The Redkat-M represents a compromise between firepower and the weight of the vehicle. The Army would have preferred a vehicle carrying the standard 165mm light gun, but simulation showed there was no practical way for the Redkat to sustain the recoil of the full power weapon while maintaining an acceptable level of mobility. The answer lay in a reduced-power, short-barrelled variant of the 165mm that had been developed for patrol boats and assault craft involved in riverine operations in Wellon’s less-lawful southern coastal regions. Type Classified as the L73 165mm Heavy Mortar, the weapon uses standard 165mm shells with a smaller propellant charge or specially developed light-case shells which take advantage of the reduced firing stresses to incorporate a heavier payload. Even with the smaller weapon, fitting it and an automatic loader into a Mission Module was a tight squeeze and it proved impossible to mount the weapon with 360 degrees of rotation. Instead of a turret the weapon is mounted in a fixed barbette, with the weapon itself capable of slewing 30 degrees either side of the vehicle centreline. A Verlet Defender is mounted on the barbette roof and two gunners are carried in a crew bay at the front of the Mission Module.
The Redkat-AA shares considerable similarities with the Redkat-AT, but replaces the Class-A turret with a unique version mounting twin L647A3 Plasma Guns (a rapid fire variant of the L647A2 with active cooling and a further increased rate of fire), a Verlet Defender and a pod with 4 British Exospace Asp SRAAMs modified for the ground-launched role. 6 Guiscard Aero-27 MRAAMs, again modified for ground-launching, are carried in the VLS (two VLS cells are sacrificed for plasma-cartridge stowage in comparison to the Redkat-AT). The sensor suite is boosted to give greater range in the air-search role although cueing from a networked long-range sensor vehicle is needed to exploit the full range of the Aero-27s. Typically the gunner in the Command Module will operate the turret in a point defence role while the gunners in the Mission Module will control the Aero-27s and manage the onboard sensors and networked data.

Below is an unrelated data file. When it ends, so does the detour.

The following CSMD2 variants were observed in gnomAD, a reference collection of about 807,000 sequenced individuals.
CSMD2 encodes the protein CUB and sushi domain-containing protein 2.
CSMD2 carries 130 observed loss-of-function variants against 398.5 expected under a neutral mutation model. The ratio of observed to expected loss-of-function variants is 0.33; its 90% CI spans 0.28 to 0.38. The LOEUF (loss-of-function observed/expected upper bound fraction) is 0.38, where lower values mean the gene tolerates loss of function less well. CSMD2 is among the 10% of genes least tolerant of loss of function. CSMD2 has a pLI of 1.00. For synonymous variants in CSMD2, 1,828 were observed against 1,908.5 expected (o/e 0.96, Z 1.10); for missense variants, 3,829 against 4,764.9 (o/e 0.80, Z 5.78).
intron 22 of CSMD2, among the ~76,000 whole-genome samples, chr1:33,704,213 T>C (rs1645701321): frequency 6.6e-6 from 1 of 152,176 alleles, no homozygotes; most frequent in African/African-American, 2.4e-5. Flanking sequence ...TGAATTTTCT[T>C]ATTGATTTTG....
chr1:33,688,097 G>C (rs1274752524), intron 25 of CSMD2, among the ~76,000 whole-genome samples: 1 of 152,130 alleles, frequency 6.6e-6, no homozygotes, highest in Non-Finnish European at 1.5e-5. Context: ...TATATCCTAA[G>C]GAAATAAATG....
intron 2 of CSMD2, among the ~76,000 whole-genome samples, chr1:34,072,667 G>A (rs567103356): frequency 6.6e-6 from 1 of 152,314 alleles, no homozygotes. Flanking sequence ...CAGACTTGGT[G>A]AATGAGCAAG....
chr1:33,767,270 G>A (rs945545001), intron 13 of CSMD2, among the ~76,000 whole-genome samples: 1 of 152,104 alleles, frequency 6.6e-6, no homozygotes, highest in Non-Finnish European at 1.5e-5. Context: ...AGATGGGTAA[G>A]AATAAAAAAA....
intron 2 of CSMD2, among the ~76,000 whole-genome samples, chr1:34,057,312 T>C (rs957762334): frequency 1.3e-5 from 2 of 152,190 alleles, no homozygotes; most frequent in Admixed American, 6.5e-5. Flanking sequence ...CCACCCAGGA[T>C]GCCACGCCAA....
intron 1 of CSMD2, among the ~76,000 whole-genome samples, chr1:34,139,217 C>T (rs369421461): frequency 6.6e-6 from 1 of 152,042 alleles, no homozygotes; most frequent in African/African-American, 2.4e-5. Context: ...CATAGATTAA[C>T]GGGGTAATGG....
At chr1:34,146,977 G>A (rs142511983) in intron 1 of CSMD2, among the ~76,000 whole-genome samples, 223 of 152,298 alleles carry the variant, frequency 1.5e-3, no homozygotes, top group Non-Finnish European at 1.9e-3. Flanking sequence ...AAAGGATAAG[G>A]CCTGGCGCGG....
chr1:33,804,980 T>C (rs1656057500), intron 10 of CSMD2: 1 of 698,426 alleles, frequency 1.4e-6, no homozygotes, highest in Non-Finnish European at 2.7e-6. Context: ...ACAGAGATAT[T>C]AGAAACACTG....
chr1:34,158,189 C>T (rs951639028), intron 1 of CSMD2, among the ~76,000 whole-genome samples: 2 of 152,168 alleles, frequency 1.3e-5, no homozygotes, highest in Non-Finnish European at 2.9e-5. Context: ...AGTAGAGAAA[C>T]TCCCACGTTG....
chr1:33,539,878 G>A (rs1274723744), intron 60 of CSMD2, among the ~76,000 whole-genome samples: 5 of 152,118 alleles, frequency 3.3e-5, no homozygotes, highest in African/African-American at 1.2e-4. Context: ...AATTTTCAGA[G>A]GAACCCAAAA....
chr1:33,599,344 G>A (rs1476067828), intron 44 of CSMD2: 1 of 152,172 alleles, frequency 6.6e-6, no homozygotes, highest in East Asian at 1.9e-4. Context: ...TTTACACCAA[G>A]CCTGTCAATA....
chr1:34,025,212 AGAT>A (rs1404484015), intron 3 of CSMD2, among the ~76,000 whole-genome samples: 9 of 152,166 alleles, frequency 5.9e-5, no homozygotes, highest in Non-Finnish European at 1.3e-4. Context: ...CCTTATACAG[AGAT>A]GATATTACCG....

The Redkat Drone Launch Vehicle is intended to give infantry battalions their own reconnaissance and attack aviation capability. The Mission Module is entirely given over to the stowage of eight drones in vertical launch canisters, with only a Verlet Defender mounted as defensive armament. The FV8417 is incapable of controlling its own drones and the standard Drone Platoon within Support Companies contains two Redkat-CPs in addition to the two Redkat-Ds. Standard load-out is two Snapdragon recce drones and six Hurricane attack drones.
The Redkat-ARV is a derivative of the Redkat-FS developed at the request of RWAC’s armoured reconnaissance units after their first experience with the Redkat. While the baseline Redkat-IFV was mobile enough for the ARV role the recce specialists judged its armament was too light for a vehicle that would have to operate on its own over extended distances. Selecting the Redkat-FS as the baseline, a joint WMV/RWAC team developed a variant optimised for the long-range scouting role. In comparison with the Redkat-FS the troop bay has been reduced to only three scouts and ammunition stowage for the MDC has been almost halved, but the extra space has been used to accommodate a further two engine modules and additional fuel giving the FV844 the best performance of any Redkat. The sensor suite has been extensively enhanced in comparison with standard Redkats and the comms suite is identical to that fitted to the Redkat-CP. Extended-range drop-tanks are a standard fitting and a Snapdragon recon drone is carried in a canister clipped to the rear of the hull, necessitating the replacement of the rear ramp with a small hatch).
In order to best exploit the endurance of the Redkat-ARV the dismount scouts are usually trained to function as a relief crew, allowing the vehicle to continue to operate with one crew awake in the Command Module while a secondary crew tries to sleep in the Mission Module’s troop bay. The FV844 has just started to enter service with Wellonese armoured reconnaissance units, but strong consideration is already being given to the development of a Mod 1 vehicle mounting either the Viperelle or Skystreak in addition to the current armament. Project start is believed to be imminent, with entry into service scheduled for not later than 2306.
Copyright 2005, David Gillon